adaptive immunity; epitopes; immunodominant; protection; vaccinia virus
The Department of Health and Human Services (DHHS) has played a critical lead role over the past two years in fostering activities associated with the medical and public health response to bioterrorism. Based on a charge from Secretary Donna Shalala in 1998, the Centers for Disease Control and Prevention (CDC) is leading public health efforts to strengthen the nation's capacity to detect and respond to a bioterrorist event. As a result of our efforts, federal, state, and local communities are improving their public health capacities to respond to these types of emergencies. For many of us in public health, developing plans and capacities to respond to acts of bioterrorism is an extension of our long-standing roles and responsibilities. These are stated in the CDC Mission Statement: to promote health and quality of life by preventing and controlling disease, injury, and disability, and the Bioterrorism Mission: to lead the public health effort in enhancing readiness to detect and respond to bioterrorism. CDC's infectious diseases control efforts are summarized below: --Initially formed to address malaria control in 1946; --Established the epidemic Intelligence Service in 1951; --Participated in global smallpox eradication and other immunization programs; --Estimated 800-1,000 + field investigations/year since late 1990s; --New diseases: Legionnaire's Disease, toxic shock syndrome, Lyme disease, HIV, hantavirus pulmonary syndrome, West Nile, etc. -- Today: focus on emerging infections and bioterrorism. Over the past 50 years, CDC has seen a decline in the incidence of some infectious diseases and an increase in some, whereas others continue to present on a more unpredictable basis (i.e., hantavirus). Outbreak identification, investigation, and control have been an integral part of what we do for more than 50 years. We estimate that 800 to 1,000 field investigations have occurred every year since the late 1990s. Today, however, we have a new focus on emerging infectious diseases and bioterrorism.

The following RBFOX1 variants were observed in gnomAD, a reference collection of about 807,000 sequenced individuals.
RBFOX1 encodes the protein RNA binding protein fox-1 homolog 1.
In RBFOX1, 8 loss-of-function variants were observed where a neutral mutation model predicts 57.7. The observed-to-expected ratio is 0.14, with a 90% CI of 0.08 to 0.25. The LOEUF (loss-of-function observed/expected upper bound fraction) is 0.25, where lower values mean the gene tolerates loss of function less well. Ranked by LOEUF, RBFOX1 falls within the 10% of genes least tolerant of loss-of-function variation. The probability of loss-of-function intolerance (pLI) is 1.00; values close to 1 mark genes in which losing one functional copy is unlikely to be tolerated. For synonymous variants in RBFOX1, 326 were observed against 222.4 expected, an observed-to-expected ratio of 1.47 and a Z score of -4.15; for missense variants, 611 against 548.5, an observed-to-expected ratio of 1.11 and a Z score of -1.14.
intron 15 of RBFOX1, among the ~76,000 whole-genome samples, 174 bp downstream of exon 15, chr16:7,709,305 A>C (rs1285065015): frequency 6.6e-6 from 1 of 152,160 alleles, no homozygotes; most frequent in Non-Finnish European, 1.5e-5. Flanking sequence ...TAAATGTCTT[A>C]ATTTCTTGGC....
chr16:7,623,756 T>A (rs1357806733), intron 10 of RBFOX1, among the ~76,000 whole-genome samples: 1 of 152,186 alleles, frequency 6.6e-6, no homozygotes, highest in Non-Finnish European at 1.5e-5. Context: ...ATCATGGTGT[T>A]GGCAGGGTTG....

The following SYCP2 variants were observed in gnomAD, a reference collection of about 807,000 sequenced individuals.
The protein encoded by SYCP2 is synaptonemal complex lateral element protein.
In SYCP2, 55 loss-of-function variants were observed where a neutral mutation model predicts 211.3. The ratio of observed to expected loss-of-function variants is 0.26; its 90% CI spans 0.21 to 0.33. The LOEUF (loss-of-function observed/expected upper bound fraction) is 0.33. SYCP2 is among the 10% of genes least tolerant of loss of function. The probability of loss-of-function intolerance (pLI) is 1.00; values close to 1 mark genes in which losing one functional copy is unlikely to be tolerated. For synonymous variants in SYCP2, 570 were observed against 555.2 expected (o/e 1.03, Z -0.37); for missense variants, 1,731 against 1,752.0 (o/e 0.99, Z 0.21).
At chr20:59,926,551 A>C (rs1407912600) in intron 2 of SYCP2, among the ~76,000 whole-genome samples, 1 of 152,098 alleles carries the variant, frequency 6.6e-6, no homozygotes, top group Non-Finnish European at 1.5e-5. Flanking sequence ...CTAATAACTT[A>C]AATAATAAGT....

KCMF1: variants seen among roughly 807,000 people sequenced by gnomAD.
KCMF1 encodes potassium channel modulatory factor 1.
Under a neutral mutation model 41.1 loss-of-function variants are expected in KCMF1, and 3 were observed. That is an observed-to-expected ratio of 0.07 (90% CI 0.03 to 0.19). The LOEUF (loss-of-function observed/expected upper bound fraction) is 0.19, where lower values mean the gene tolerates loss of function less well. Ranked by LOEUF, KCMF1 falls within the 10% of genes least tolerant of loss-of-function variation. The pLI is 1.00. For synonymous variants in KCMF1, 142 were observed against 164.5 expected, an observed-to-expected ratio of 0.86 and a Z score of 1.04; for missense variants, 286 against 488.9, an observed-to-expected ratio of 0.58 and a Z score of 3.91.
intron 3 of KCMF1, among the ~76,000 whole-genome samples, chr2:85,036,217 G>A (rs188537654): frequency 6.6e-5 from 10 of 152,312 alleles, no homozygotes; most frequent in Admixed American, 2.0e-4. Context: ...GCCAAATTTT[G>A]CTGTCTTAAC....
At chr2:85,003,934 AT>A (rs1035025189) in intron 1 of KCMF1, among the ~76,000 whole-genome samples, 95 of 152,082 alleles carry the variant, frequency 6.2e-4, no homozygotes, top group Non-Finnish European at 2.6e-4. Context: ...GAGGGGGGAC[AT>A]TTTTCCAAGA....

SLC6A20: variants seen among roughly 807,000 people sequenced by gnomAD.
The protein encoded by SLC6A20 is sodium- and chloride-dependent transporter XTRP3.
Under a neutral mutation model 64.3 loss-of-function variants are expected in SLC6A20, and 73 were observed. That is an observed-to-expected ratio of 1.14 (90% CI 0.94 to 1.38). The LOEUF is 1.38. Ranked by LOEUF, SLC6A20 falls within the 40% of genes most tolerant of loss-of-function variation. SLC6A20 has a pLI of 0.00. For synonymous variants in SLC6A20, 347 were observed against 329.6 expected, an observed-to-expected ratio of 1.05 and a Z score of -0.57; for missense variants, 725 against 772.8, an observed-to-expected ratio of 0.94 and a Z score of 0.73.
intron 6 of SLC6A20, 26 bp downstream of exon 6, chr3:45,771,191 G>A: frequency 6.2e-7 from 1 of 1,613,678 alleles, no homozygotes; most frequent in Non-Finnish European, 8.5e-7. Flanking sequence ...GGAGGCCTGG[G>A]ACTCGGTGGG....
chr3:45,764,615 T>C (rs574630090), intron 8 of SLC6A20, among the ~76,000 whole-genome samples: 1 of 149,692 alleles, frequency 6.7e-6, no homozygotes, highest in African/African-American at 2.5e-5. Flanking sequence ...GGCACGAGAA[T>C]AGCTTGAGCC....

With the emergence of H1N1 pandemic (pH1N1) influenza, the CDC recommended that pregnant women be one of five initial target groups to receive the 2009 monovalent H1N1 vaccine, regardless of prior infection with this influenza strain. We sought to compare the immune response of pregnant women to H1N1 infection versus vaccination and to determine the extent of passive immunity conferred to the newborn.
During the 2009-2010 influenza season, we enrolled a cohort of women who either had confirmed pH1N1 infection during pregnancy, did not have pH1N1 during pregnancy but were vaccinated against pH1N1, or did not have illness or vaccination. Maternal and umbilical cord venous blood samples were collected at delivery. Hemagglutination inhibition assays (HAI) for pH1N1 were performed. Data were analyzed using linear regression analyses. HAIs were performed for matched maternal/cord blood pairs for 16 women with confirmed pH1N1 infection, 14 women vaccinated against pH1N1, and 10 women without infection or vaccination. We found that pH1N1 vaccination and wild-type infection during pregnancy did not differ with respect to (1) HAI titers at delivery, (2) HAI antibody decay slopes over time, and (3) HAI titers in the cord blood.
Vaccination against pH1N1 confers a similar HAI antibody response as compared to pH1N1 infection during pregnancy, both in quantity and quality. Illness or vaccination during pregnancy confers passive immunity to the newborn.